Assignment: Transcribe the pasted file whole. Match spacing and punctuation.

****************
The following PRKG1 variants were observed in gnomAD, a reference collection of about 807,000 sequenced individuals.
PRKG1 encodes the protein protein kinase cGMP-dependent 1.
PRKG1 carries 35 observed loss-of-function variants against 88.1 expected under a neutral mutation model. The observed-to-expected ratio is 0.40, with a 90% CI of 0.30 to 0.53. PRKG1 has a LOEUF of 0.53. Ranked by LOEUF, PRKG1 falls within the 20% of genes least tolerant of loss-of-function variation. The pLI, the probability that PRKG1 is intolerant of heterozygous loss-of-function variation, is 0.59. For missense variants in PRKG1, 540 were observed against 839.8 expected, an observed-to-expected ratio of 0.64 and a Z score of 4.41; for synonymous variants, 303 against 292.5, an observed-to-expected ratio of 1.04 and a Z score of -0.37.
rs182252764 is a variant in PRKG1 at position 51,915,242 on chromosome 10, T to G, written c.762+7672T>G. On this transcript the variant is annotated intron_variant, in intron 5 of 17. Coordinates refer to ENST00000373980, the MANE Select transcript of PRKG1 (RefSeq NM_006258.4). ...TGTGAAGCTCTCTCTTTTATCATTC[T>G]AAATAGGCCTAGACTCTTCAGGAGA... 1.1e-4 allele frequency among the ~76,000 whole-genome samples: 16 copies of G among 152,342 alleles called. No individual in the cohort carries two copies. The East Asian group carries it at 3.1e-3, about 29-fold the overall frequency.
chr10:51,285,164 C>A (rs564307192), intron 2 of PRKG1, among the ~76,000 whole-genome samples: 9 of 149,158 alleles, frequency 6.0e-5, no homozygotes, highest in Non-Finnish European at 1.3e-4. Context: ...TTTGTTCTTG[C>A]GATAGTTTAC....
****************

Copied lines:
The following PRKG1 variants were observed in gnomAD, a reference collection of about 807,000 sequenced individuals.
PRKG1 encodes the protein protein kinase cGMP-dependent 1.
PRKG1 carries 35 observed loss-of-function variants against 88.1 expected under a neutral mutation model. The observed-to-expected ratio is 0.40, with a 90% CI of 0.30 to 0.53. PRKG1 has a LOEUF of 0.53. Ranked by LOEUF, PRKG1 falls within the 20% of genes least tolerant of loss-of-function variation. The pLI, the probability that PRKG1 is intolerant of heterozygous loss-of-function variation, is 0.59. For missense variants in PRKG1, 540 were observed against 839.8 expected, an observed-to-expected ratio of 0.64 and a Z score of 4.41; for synonymous variants, 303 against 292.5, an observed-to-expected ratio of 1.04 and a Z score of -0.37.
rs182252764 is a variant in PRKG1 at position 51,915,242 on chromosome 10, T to G, written c.762+7672T>G. On this transcript the variant is annotated intron_variant, in intron 5 of 17. Coordinates refer to ENST00000373980, the MANE Select transcript of PRKG1 (RefSeq NM_006258.4). ...TGTGAAGCTCTCTCTTTTATCATTC[T>G]AAATAGGCCTAGACTCTTCAGGAGA... 1.1e-4 allele frequency among the ~76,000 whole-genome samples: 16 copies of G among 152,342 alleles called. No individual in the cohort carries two copies. The East Asian group carries it at 3.1e-3, about 29-fold the overall frequency.
chr10:51,285,164 C>A (rs564307192), intron 2 of PRKG1, among the ~76,000 whole-genome samples: 9 of 149,158 alleles, frequency 6.0e-5, no homozygotes, highest in Non-Finnish European at 1.3e-4. Context: ...TTTGTTCTTG[C>A]GATAGTTTAC....